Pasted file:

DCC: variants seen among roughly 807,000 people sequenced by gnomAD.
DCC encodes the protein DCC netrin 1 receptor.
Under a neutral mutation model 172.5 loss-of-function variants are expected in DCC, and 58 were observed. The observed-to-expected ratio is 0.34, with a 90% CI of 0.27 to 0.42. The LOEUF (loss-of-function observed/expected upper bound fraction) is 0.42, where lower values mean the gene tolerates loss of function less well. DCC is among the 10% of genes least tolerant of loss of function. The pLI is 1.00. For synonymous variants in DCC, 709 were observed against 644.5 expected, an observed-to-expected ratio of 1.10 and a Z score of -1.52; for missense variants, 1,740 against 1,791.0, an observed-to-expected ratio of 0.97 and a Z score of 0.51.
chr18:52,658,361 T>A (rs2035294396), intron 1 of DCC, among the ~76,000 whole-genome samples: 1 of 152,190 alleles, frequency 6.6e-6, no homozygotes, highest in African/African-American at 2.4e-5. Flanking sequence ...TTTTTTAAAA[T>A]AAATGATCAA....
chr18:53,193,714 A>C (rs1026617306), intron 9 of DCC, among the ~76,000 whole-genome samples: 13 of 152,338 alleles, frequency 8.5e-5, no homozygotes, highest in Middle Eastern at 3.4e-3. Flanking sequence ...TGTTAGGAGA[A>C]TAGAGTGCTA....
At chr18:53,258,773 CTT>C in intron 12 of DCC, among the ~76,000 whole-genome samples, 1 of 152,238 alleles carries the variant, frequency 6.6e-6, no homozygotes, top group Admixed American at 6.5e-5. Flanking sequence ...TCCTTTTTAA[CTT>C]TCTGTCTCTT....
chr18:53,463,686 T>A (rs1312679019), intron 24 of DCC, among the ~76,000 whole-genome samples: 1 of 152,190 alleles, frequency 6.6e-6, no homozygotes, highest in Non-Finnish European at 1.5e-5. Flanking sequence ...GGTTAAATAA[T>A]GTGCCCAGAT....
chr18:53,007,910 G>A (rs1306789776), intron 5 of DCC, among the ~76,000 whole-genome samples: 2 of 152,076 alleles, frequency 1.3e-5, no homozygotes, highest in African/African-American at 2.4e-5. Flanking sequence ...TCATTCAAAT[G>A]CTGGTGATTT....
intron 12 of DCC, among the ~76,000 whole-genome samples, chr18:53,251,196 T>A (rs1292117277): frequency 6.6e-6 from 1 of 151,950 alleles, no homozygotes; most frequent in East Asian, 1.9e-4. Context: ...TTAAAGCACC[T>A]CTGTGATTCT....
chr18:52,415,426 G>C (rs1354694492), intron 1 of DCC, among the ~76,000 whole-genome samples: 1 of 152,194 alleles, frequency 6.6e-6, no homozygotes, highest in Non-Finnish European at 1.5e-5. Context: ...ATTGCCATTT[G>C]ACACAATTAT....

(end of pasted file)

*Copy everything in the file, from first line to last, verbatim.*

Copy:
DCC: variants seen among roughly 807,000 people sequenced by gnomAD.
DCC encodes the protein DCC netrin 1 receptor.
Under a neutral mutation model 172.5 loss-of-function variants are expected in DCC, and 58 were observed. The observed-to-expected ratio is 0.34, with a 90% CI of 0.27 to 0.42. The LOEUF (loss-of-function observed/expected upper bound fraction) is 0.42, where lower values mean the gene tolerates loss of function less well. DCC is among the 10% of genes least tolerant of loss of function. The pLI is 1.00. For synonymous variants in DCC, 709 were observed against 644.5 expected, an observed-to-expected ratio of 1.10 and a Z score of -1.52; for missense variants, 1,740 against 1,791.0, an observed-to-expected ratio of 0.97 and a Z score of 0.51.
chr18:52,658,361 T>A (rs2035294396), intron 1 of DCC, among the ~76,000 whole-genome samples: 1 of 152,190 alleles, frequency 6.6e-6, no homozygotes, highest in African/African-American at 2.4e-5. Flanking sequence ...TTTTTTAAAA[T>A]AAATGATCAA....
chr18:53,193,714 A>C (rs1026617306), intron 9 of DCC, among the ~76,000 whole-genome samples: 13 of 152,338 alleles, frequency 8.5e-5, no homozygotes, highest in Middle Eastern at 3.4e-3. Flanking sequence ...TGTTAGGAGA[A>C]TAGAGTGCTA....
At chr18:53,258,773 CTT>C in intron 12 of DCC, among the ~76,000 whole-genome samples, 1 of 152,238 alleles carries the variant, frequency 6.6e-6, no homozygotes, top group Admixed American at 6.5e-5. Flanking sequence ...TCCTTTTTAA[CTT>C]TCTGTCTCTT....
chr18:53,463,686 T>A (rs1312679019), intron 24 of DCC, among the ~76,000 whole-genome samples: 1 of 152,190 alleles, frequency 6.6e-6, no homozygotes, highest in Non-Finnish European at 1.5e-5. Flanking sequence ...GGTTAAATAA[T>A]GTGCCCAGAT....
chr18:53,007,910 G>A (rs1306789776), intron 5 of DCC, among the ~76,000 whole-genome samples: 2 of 152,076 alleles, frequency 1.3e-5, no homozygotes, highest in African/African-American at 2.4e-5. Flanking sequence ...TCATTCAAAT[G>A]CTGGTGATTT....
intron 12 of DCC, among the ~76,000 whole-genome samples, chr18:53,251,196 T>A (rs1292117277): frequency 6.6e-6 from 1 of 151,950 alleles, no homozygotes; most frequent in East Asian, 1.9e-4. Context: ...TTAAAGCACC[T>A]CTGTGATTCT....
chr18:52,415,426 G>C (rs1354694492), intron 1 of DCC, among the ~76,000 whole-genome samples: 1 of 152,194 alleles, frequency 6.6e-6, no homozygotes, highest in Non-Finnish European at 1.5e-5. Context: ...ATTGCCATTT[G>C]ACACAATTAT....